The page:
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Sunday, March 20, 2022

Evidence-Based Practices and Employment

In The Politics of Autism, I discuss the employment of adults with autism and other developmental disabilities. Many posts have discussed programs to provide them with training and experience.

At Current Psychiatry Reports, Mary J. Baker‑Ericzén, Roxanne ElShamy, and Rebecca R. Kammes have an article titled "Current Status of Evidence‑Based Practices to Enhance Employment Outcomes for Transition Age Youth and Adults on the Autism Spectrum."  Abstract:

Purpose of Review This review provides a highlight of existing evidence-based practices and community support systems that exist to enhance employment outcomes for autistic transition-age youth (TAY) and adults. An update is provided on the current status of these programs and the impact they are having on employment outcomes for this population.

Recent Findings Many programs exist that prove to be efficacious in improving employment outcomes. These programs can be categorized as vocational rehabilitation service system level interventions, provider and consumer level interventions targeting skills related to employment, and consumer level interventions delivered within community vocational rehabilitation or education settings. A more recent increase in programs is consistent with multiple research and policy calls for amplifed programming in this area.

Summary Despite these recent increases, there is still a need to further develop efective programming to support employment outcomes as the growing autistic population age into adulthood. Community-based research and practice should continue to be developed and tested.

From the article:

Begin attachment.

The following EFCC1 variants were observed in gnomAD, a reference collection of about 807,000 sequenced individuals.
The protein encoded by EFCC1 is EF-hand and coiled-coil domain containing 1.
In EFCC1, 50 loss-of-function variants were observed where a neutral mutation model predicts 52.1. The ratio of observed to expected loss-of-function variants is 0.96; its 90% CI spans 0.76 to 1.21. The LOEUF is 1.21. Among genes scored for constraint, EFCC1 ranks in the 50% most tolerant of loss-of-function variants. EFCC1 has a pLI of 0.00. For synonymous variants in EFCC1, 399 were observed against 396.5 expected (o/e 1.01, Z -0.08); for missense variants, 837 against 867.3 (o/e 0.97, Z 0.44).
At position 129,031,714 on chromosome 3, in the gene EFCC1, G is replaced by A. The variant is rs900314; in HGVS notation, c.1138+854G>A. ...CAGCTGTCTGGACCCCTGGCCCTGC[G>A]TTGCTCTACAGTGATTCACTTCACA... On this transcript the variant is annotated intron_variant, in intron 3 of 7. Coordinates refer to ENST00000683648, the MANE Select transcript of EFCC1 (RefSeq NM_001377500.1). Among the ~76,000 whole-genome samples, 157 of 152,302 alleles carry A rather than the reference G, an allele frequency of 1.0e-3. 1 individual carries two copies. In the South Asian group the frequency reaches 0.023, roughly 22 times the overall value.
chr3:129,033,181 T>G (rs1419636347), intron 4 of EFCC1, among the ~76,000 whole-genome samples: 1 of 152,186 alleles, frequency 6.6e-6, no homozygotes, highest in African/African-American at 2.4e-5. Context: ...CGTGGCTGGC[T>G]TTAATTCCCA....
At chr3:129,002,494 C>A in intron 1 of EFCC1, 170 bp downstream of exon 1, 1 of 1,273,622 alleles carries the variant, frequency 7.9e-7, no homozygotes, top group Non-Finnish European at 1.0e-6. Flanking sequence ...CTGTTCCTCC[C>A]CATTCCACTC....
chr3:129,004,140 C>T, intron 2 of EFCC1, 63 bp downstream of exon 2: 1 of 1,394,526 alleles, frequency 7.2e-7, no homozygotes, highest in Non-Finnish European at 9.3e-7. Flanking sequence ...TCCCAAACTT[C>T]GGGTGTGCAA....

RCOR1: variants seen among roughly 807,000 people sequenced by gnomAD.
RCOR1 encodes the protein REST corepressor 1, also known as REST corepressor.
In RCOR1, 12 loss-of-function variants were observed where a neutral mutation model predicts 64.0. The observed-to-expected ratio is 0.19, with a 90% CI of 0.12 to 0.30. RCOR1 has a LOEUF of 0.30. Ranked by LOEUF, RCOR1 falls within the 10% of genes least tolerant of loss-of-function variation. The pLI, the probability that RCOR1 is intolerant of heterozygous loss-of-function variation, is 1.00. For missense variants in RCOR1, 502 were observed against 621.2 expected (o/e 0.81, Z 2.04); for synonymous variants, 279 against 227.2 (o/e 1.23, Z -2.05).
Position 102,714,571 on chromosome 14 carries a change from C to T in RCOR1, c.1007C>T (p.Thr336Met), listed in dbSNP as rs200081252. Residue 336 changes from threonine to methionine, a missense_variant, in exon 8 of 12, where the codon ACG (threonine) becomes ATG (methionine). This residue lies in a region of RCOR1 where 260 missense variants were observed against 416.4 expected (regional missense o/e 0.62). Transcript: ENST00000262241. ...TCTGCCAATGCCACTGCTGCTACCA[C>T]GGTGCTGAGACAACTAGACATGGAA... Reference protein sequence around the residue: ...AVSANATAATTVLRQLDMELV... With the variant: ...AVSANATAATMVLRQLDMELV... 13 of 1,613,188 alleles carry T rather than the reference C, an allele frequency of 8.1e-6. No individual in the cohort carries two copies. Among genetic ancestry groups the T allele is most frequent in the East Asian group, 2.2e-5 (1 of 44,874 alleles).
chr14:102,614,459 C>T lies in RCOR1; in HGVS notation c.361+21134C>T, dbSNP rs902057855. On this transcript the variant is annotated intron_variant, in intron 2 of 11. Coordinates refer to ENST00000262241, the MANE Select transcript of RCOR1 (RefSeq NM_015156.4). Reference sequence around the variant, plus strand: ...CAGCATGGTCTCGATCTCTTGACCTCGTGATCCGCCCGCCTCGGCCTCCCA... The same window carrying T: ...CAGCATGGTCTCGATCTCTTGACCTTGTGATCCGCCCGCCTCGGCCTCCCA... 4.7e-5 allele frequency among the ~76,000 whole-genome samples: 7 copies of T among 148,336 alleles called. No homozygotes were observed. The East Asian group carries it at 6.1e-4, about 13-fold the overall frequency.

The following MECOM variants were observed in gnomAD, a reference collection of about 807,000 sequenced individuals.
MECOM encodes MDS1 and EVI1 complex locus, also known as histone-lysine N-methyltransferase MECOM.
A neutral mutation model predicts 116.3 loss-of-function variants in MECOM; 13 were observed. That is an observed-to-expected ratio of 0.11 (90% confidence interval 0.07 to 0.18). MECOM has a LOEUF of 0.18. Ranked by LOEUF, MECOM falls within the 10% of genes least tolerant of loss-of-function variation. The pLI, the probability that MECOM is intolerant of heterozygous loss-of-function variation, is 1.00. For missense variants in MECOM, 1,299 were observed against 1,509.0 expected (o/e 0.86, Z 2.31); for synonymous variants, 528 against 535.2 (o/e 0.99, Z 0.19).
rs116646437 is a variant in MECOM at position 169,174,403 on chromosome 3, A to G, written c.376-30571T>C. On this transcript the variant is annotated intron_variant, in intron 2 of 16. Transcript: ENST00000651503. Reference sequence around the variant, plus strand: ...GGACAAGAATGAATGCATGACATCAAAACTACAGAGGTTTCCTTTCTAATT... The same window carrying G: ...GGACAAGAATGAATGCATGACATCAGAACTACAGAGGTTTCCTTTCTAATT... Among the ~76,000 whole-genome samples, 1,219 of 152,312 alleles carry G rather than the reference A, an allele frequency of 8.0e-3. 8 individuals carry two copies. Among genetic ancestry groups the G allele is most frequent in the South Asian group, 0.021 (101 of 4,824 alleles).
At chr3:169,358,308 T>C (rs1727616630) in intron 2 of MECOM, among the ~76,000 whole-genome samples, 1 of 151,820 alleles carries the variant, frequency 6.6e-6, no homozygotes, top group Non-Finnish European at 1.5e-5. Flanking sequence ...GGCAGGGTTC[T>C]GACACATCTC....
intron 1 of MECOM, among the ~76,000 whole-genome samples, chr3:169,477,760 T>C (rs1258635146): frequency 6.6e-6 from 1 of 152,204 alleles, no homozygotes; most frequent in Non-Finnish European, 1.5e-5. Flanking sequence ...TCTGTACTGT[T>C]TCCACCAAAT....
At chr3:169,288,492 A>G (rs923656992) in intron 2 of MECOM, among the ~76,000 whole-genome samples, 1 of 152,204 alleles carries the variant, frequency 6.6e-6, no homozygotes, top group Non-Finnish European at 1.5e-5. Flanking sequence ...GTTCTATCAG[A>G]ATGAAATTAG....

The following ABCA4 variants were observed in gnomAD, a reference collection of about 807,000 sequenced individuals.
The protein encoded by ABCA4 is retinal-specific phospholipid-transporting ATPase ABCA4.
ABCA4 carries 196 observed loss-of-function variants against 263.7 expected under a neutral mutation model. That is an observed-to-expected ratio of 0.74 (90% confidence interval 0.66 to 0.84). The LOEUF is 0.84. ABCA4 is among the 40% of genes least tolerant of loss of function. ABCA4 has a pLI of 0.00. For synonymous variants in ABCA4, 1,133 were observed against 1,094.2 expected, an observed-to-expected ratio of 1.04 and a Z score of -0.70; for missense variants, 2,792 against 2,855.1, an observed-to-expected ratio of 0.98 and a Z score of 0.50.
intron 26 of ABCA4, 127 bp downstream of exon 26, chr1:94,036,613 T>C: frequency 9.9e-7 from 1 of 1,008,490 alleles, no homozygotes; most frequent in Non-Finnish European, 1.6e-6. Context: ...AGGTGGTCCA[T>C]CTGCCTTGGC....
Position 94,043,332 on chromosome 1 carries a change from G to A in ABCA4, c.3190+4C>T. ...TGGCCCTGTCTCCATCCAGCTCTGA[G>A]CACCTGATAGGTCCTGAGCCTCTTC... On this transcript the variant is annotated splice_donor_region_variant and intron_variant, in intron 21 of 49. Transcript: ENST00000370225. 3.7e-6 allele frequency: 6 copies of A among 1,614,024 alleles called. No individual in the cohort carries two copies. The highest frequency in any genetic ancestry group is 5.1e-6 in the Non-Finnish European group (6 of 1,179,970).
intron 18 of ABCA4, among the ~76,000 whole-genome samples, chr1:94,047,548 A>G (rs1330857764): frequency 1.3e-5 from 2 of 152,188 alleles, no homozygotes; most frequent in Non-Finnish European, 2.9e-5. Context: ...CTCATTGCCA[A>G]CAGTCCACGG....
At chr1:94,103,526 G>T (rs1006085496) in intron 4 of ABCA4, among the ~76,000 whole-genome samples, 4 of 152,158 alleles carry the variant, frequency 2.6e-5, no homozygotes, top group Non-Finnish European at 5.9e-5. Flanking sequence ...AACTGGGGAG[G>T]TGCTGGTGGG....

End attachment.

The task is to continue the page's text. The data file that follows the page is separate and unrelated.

Although a number of EBPs exist and have been highlighted here, there continues to be a need for new program development for AS adults so that curriculums and programming are in place when the growing AS population age into adulthood and are prepared to ofer longer-term or more comprehensive services. This is consistent with multiple policy and research calls for (1) increased evidence-based interventions; (2) the development of treatment manuals to encourage replication of promising vocational support programs; (3) models for professional development to work with autistic adults in VR; and (4) recommendations to apply efcacious interventions with other populations to inform the advancement of employment approaches for autistic individuals [83•, 84, 85]. Additionally, recent government reports identifed supporting professional development for vocational service providers as a policy priority to improve competitive employment [48–87]. According to the 2020 Federal Youth Transition Plan, two main priorities for adult services research are (1) promoting work-based learning and (2) supporting professional development of service providers [88].

However, for an EBP to be disseminated successfully, the program must be feasible, cost-efective, and acceptable to the end-users, such as VR services, high schools, and vocational training centers [89]. Many of the EBPs described in this review had small sample sizes and often were not delivered within vocational service or pre-employment transition service educational settings. Additionally, many of the skills-based interventions limited their populations to AS individuals without a co-occurring intellectual disability and minimal racial/ethnic diversity, impacting the efectiveness of broad use. To this end, it is critical that future interventions be developed and tested in a way that attends to the needs of the population and service system from the onset, such as using CBPR methods, diverse populations, and testing directly in community settings. Few of the highlighted interventions used such methods. It is also important to be mindful of resources. The interventions that demonstrated positive outcomes with large samples all required signifcant resources such as intensive staf training, large amounts of service hours, and services extending beyond typical service system length which many VR systems are not in a position to ofer with budget and policy constraints. Future studies need to engage a more holistic and systemic approach to services research that includes utilizing dissemination and implementation frameworks, hybrid research designs, and an equity focus to ensure feasibility, accessibility, and scaling up for broad community use. In sum, there is a strong call for further research and funding of community-based, community-involved, EBP development and testing particularly to address autistic individual’s employment and life outcomes.